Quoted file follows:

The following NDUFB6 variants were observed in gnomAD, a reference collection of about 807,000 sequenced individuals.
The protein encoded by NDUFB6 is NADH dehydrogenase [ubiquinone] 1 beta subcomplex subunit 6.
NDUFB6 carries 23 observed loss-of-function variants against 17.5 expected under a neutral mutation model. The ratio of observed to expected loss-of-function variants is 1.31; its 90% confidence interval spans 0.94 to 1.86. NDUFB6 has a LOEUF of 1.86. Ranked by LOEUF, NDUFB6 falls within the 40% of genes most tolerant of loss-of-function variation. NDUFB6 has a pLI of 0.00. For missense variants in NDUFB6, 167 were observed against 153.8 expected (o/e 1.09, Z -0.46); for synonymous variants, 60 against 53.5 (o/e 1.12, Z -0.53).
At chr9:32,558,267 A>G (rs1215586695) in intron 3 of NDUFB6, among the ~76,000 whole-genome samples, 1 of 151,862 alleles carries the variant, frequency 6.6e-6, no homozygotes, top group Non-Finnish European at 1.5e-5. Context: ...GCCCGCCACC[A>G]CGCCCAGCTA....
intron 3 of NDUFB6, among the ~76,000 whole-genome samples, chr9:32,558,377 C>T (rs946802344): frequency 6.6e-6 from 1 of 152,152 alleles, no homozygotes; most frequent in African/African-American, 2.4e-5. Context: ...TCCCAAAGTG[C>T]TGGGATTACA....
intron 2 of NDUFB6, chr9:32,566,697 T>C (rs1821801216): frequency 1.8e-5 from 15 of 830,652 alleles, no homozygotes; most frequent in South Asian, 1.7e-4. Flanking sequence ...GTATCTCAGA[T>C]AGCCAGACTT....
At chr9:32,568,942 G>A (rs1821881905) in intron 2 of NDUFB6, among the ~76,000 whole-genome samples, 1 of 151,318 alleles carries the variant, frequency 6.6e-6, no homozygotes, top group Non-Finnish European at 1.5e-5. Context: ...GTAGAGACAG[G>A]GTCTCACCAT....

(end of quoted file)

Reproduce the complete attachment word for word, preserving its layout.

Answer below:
The following NDUFB6 variants were observed in gnomAD, a reference collection of about 807,000 sequenced individuals.
The protein encoded by NDUFB6 is NADH dehydrogenase [ubiquinone] 1 beta subcomplex subunit 6.
NDUFB6 carries 23 observed loss-of-function variants against 17.5 expected under a neutral mutation model. The ratio of observed to expected loss-of-function variants is 1.31; its 90% confidence interval spans 0.94 to 1.86. NDUFB6 has a LOEUF of 1.86. Ranked by LOEUF, NDUFB6 falls within the 40% of genes most tolerant of loss-of-function variation. NDUFB6 has a pLI of 0.00. For missense variants in NDUFB6, 167 were observed against 153.8 expected (o/e 1.09, Z -0.46); for synonymous variants, 60 against 53.5 (o/e 1.12, Z -0.53).
At chr9:32,558,267 A>G (rs1215586695) in intron 3 of NDUFB6, among the ~76,000 whole-genome samples, 1 of 151,862 alleles carries the variant, frequency 6.6e-6, no homozygotes, top group Non-Finnish European at 1.5e-5. Context: ...GCCCGCCACC[A>G]CGCCCAGCTA....
intron 3 of NDUFB6, among the ~76,000 whole-genome samples, chr9:32,558,377 C>T (rs946802344): frequency 6.6e-6 from 1 of 152,152 alleles, no homozygotes; most frequent in African/African-American, 2.4e-5. Context: ...TCCCAAAGTG[C>T]TGGGATTACA....
intron 2 of NDUFB6, chr9:32,566,697 T>C (rs1821801216): frequency 1.8e-5 from 15 of 830,652 alleles, no homozygotes; most frequent in South Asian, 1.7e-4. Flanking sequence ...GTATCTCAGA[T>C]AGCCAGACTT....
At chr9:32,568,942 G>A (rs1821881905) in intron 2 of NDUFB6, among the ~76,000 whole-genome samples, 1 of 151,318 alleles carries the variant, frequency 6.6e-6, no homozygotes, top group Non-Finnish European at 1.5e-5. Context: ...GTAGAGACAG[G>A]GTCTCACCAT....